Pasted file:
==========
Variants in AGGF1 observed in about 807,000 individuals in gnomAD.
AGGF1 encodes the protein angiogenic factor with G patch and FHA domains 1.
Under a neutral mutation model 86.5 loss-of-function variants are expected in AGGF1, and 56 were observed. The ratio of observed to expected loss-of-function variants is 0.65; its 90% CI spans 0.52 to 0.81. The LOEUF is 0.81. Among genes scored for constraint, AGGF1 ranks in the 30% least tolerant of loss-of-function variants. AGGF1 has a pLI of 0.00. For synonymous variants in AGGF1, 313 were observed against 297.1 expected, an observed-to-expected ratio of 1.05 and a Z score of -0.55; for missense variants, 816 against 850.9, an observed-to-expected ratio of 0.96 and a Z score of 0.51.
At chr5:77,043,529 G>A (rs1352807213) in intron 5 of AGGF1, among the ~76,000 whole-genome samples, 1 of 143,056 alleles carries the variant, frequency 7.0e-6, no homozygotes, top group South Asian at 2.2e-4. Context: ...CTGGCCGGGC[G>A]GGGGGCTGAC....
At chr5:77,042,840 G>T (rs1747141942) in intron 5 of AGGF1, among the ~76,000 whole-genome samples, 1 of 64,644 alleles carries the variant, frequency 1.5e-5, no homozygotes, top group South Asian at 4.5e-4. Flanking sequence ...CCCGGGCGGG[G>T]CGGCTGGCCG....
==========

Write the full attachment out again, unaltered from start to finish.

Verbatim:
Variants in AGGF1 observed in about 807,000 individuals in gnomAD.
AGGF1 encodes the protein angiogenic factor with G patch and FHA domains 1.
Under a neutral mutation model 86.5 loss-of-function variants are expected in AGGF1, and 56 were observed. The ratio of observed to expected loss-of-function variants is 0.65; its 90% CI spans 0.52 to 0.81. The LOEUF is 0.81. Among genes scored for constraint, AGGF1 ranks in the 30% least tolerant of loss-of-function variants. AGGF1 has a pLI of 0.00. For synonymous variants in AGGF1, 313 were observed against 297.1 expected, an observed-to-expected ratio of 1.05 and a Z score of -0.55; for missense variants, 816 against 850.9, an observed-to-expected ratio of 0.96 and a Z score of 0.51.
At chr5:77,043,529 G>A (rs1352807213) in intron 5 of AGGF1, among the ~76,000 whole-genome samples, 1 of 143,056 alleles carries the variant, frequency 7.0e-6, no homozygotes, top group South Asian at 2.2e-4. Context: ...CTGGCCGGGC[G>A]GGGGGCTGAC....
At chr5:77,042,840 G>T (rs1747141942) in intron 5 of AGGF1, among the ~76,000 whole-genome samples, 1 of 64,644 alleles carries the variant, frequency 1.5e-5, no homozygotes, top group South Asian at 4.5e-4. Flanking sequence ...CCCGGGCGGG[G>T]CGGCTGGCCG....